Leukemia foundation: Service Beyond the College


Marlie G (Year 10)

31 students. The maximum size of many school classes in Australia. Statistically speaking, 31 students in William Clarke College will be diagnosed with Leukemia in their lifetime. This 31 includes your peers, your friends, maybe even you. Leukemia is a disease that impacts us all.  

 According to canceraustralia.gov.au, in 2018, there were 4,516 new cases in Australia and as of 2022, there has been an estimated 5,202 cases. That means there is a 1/58 chance of being diagnosed with leukemia by the age of 85. To put that into perspective, there are over 1800 William Clarke College students, meaning that, on average, 31 of those students will be diagnosed with Leukemia. Although it is thought to be a children’s disease, it affects adults too. According to the children’s cancer institute, Leukemia accounts for 1/4 of all the cancer cases in children and adolescents (ages 0-19). But what is Leukemia and how can we help?  

Leukemia is a type of blood cancer affecting the reproduction of white blood cells. In a normal condition, there are a small amount of immature white blood cells known as blast cells, the immature cells then develop and are released into the blood stream. Unfortunately, although leukemia is classified as blood cancer, the cancerous white blood cells affect the cancer patient’s bone marrow which leads to bone abnormalities, and significant pain within the bone and bone joints.   

Although the main type of leukemia stems from the white blood cells, there are varying types which can be either acute or chronic.  

Patients with acute types of leukemia (AML) have blood cells which reproduce an excessive amount of immature white blood cells (Blast cells), and because of this, it interferes with the production of regular blood cells.   

With chronic leukemia, there are too many mature, but abnormal, white blood cells that have undergone an infectious change whilst developing from a blast cell. Chronic leukemia generally progresses slower than acute leukemia and may not require treatment for a long time after it is diagnosed.  

What is the Leukemia foundation and what do they do?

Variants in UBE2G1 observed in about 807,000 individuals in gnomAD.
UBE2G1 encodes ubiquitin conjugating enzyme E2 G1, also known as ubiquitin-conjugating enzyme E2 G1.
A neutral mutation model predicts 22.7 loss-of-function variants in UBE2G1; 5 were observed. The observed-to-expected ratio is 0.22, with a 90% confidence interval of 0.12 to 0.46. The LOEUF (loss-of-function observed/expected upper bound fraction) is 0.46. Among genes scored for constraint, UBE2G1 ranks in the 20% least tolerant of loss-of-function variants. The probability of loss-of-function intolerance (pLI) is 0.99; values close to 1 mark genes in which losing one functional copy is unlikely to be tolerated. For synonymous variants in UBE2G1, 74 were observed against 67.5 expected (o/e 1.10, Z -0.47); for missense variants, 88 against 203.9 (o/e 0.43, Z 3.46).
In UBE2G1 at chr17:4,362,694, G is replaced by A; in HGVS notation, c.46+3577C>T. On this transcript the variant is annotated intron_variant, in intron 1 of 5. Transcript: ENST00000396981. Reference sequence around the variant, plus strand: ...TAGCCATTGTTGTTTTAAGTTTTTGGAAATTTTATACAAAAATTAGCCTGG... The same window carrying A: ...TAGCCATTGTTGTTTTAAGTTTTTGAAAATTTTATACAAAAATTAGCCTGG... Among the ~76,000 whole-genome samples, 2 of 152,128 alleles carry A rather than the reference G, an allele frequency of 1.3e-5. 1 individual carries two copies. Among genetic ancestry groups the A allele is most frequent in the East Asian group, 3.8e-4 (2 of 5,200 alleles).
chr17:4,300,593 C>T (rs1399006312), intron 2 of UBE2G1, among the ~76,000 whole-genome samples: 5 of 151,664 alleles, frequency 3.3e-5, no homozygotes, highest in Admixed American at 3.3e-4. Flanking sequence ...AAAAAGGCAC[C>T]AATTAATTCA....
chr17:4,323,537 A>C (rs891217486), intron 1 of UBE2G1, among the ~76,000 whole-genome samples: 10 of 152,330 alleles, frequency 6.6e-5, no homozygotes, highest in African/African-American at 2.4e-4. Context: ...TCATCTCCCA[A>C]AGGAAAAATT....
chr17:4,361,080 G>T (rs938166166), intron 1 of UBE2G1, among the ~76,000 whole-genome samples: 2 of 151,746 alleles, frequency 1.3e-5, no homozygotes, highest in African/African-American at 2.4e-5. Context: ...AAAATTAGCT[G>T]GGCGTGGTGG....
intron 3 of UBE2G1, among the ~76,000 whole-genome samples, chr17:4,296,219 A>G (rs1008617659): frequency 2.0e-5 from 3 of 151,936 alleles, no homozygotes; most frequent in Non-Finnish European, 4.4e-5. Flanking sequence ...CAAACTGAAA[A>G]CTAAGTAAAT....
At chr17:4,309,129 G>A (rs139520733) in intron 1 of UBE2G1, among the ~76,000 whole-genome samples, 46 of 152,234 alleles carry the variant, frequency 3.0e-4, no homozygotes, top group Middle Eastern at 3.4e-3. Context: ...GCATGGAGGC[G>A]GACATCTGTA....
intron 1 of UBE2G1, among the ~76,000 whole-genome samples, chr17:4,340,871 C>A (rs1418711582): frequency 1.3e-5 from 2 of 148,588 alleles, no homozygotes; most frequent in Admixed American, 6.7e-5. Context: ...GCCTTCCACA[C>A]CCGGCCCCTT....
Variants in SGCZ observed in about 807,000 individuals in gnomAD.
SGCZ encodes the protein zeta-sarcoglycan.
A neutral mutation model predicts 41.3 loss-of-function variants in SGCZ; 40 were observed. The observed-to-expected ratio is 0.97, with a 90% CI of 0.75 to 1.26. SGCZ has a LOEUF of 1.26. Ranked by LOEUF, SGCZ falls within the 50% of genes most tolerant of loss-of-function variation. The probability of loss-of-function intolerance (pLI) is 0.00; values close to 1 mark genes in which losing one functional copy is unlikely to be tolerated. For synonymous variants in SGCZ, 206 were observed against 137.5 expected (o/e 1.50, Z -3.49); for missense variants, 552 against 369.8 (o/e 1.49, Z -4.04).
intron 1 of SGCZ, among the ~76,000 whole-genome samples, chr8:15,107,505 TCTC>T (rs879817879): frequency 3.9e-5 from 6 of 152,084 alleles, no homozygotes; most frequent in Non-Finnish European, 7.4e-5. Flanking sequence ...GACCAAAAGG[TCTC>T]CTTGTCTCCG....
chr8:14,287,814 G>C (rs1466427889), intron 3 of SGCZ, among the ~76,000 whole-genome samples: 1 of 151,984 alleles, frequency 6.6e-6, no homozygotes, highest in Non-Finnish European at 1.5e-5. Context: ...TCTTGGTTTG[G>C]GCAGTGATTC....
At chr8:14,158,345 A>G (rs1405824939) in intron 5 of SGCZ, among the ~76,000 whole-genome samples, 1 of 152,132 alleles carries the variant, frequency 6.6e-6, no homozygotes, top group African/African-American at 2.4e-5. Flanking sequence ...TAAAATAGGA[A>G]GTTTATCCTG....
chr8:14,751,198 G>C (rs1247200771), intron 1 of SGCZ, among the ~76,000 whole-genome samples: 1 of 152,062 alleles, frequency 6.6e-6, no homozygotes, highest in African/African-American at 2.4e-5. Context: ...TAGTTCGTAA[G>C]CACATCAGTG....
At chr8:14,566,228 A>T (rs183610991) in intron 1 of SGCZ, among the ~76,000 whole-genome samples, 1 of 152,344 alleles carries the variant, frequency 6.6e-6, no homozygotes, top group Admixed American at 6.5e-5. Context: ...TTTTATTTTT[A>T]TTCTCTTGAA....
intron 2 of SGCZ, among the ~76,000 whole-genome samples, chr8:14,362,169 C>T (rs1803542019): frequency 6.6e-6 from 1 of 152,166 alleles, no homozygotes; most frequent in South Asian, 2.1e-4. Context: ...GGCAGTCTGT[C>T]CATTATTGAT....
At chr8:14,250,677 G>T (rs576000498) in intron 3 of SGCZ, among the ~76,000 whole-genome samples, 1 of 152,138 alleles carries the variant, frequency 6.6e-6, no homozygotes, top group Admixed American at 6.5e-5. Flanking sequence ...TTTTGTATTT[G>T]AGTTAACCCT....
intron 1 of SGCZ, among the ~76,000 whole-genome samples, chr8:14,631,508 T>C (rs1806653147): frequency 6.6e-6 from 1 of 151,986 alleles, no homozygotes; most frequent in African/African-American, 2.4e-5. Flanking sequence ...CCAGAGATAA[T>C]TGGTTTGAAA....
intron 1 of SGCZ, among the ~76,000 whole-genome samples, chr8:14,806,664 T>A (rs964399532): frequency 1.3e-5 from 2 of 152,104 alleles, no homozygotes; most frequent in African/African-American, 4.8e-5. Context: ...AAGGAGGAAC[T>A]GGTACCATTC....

Although Leukemia can bring about heartbreaking times, there are services such as the Leukemia Foundation which can help and support families in need.   

The Leukemia foundation, formed in 1975, is a not-for-profit organisation and is the only charity supporting people and families struggling with leukemia. They have invested millions of dollars, discovering vital treatments and potential cures for people living with blood cancer. The Leukemia Foundation starts with one big goal – trying to ensure that ZERO lives are lost to blood cancer by 2035. Although this may sound impossible, according to their annual report (2020-2021), only last year they developed new treatments for children fighting aggressive-high risk leukemia, increasing their chance of survival. As well as investing in Leukemia research, the Leukemia Foundation additionally support families going through the leukemia journey with supportive care including accommodation, transport, emotional/practical support, health/wellbeing/grief support and peer support groups. Just last year, 392 people benefitted from transport care, 733 families were given accommodation and 598 financial assistance grants were provided.  

Although what the leukemia foundation has done may seem small to you, it has changed the lives of many families and individuals. That extra night of accommodation or financial assistance could take that little stress off a family, and they could then focus on the individual who is fighting the illness.   

But how can we help? Luckily, the Leukemia Foundation has various ways on how you help on their website – such as donations, volunteering, and getting involved with events which raise awareness for blood cancer; you can even host a fundraiser. 

On Wednesday the 16th of November, WCC will be hosting a bake sale, where all proceeds will go towards the leukemia foundation (more information on Connect). Even though it may not seem like a big deal to you, this small bake sale could change everything for one family.